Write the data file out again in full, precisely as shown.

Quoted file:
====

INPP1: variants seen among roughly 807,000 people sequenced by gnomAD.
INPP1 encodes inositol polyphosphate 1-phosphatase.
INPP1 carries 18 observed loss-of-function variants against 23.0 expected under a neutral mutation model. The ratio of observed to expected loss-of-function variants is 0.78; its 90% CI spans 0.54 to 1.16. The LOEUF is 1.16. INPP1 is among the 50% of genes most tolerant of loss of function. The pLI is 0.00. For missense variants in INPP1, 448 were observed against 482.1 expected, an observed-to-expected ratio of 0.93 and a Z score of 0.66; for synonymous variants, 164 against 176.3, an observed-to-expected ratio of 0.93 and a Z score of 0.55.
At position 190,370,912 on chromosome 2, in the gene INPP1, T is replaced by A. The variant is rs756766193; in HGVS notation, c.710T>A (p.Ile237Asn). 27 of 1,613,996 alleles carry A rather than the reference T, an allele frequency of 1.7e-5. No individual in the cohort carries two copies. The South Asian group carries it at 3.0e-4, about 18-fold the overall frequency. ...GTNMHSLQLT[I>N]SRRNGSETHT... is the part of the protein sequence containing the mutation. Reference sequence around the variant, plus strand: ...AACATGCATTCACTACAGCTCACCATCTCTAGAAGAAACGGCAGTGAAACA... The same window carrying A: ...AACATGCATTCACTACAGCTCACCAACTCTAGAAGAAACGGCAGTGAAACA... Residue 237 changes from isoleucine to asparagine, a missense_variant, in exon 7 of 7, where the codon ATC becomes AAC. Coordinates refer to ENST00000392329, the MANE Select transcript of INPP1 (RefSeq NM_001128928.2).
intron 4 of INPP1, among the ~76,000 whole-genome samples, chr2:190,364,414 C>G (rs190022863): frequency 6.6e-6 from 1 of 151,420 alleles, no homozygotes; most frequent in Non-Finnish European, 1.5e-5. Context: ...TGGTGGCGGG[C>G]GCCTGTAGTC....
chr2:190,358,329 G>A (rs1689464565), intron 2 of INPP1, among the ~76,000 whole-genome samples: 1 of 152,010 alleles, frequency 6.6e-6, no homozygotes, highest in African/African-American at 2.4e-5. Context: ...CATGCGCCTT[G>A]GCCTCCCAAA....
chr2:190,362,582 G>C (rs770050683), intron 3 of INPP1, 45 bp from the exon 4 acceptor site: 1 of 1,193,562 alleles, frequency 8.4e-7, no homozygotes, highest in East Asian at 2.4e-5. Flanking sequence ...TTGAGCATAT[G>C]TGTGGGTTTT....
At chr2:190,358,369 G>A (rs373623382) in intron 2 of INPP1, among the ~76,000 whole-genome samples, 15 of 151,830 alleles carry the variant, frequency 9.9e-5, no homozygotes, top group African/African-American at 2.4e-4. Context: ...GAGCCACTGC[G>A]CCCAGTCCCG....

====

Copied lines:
INPP1: variants seen among roughly 807,000 people sequenced by gnomAD.
INPP1 encodes inositol polyphosphate 1-phosphatase.
INPP1 carries 18 observed loss-of-function variants against 23.0 expected under a neutral mutation model. The ratio of observed to expected loss-of-function variants is 0.78; its 90% CI spans 0.54 to 1.16. The LOEUF is 1.16. INPP1 is among the 50% of genes most tolerant of loss of function. The pLI is 0.00. For missense variants in INPP1, 448 were observed against 482.1 expected, an observed-to-expected ratio of 0.93 and a Z score of 0.66; for synonymous variants, 164 against 176.3, an observed-to-expected ratio of 0.93 and a Z score of 0.55.
At position 190,370,912 on chromosome 2, in the gene INPP1, T is replaced by A. The variant is rs756766193; in HGVS notation, c.710T>A (p.Ile237Asn). 27 of 1,613,996 alleles carry A rather than the reference T, an allele frequency of 1.7e-5. No individual in the cohort carries two copies. The South Asian group carries it at 3.0e-4, about 18-fold the overall frequency. ...GTNMHSLQLT[I>N]SRRNGSETHT... is the part of the protein sequence containing the mutation. Reference sequence around the variant, plus strand: ...AACATGCATTCACTACAGCTCACCATCTCTAGAAGAAACGGCAGTGAAACA... The same window carrying A: ...AACATGCATTCACTACAGCTCACCAACTCTAGAAGAAACGGCAGTGAAACA... Residue 237 changes from isoleucine to asparagine, a missense_variant, in exon 7 of 7, where the codon ATC becomes AAC. Coordinates refer to ENST00000392329, the MANE Select transcript of INPP1 (RefSeq NM_001128928.2).
intron 4 of INPP1, among the ~76,000 whole-genome samples, chr2:190,364,414 C>G (rs190022863): frequency 6.6e-6 from 1 of 151,420 alleles, no homozygotes; most frequent in Non-Finnish European, 1.5e-5. Context: ...TGGTGGCGGG[C>G]GCCTGTAGTC....
chr2:190,358,329 G>A (rs1689464565), intron 2 of INPP1, among the ~76,000 whole-genome samples: 1 of 152,010 alleles, frequency 6.6e-6, no homozygotes, highest in African/African-American at 2.4e-5. Context: ...CATGCGCCTT[G>A]GCCTCCCAAA....
chr2:190,362,582 G>C (rs770050683), intron 3 of INPP1, 45 bp from the exon 4 acceptor site: 1 of 1,193,562 alleles, frequency 8.4e-7, no homozygotes, highest in East Asian at 2.4e-5. Flanking sequence ...TTGAGCATAT[G>C]TGTGGGTTTT....
At chr2:190,358,369 G>A (rs373623382) in intron 2 of INPP1, among the ~76,000 whole-genome samples, 15 of 151,830 alleles carry the variant, frequency 9.9e-5, no homozygotes, top group African/African-American at 2.4e-4. Context: ...GAGCCACTGC[G>A]CCCAGTCCCG....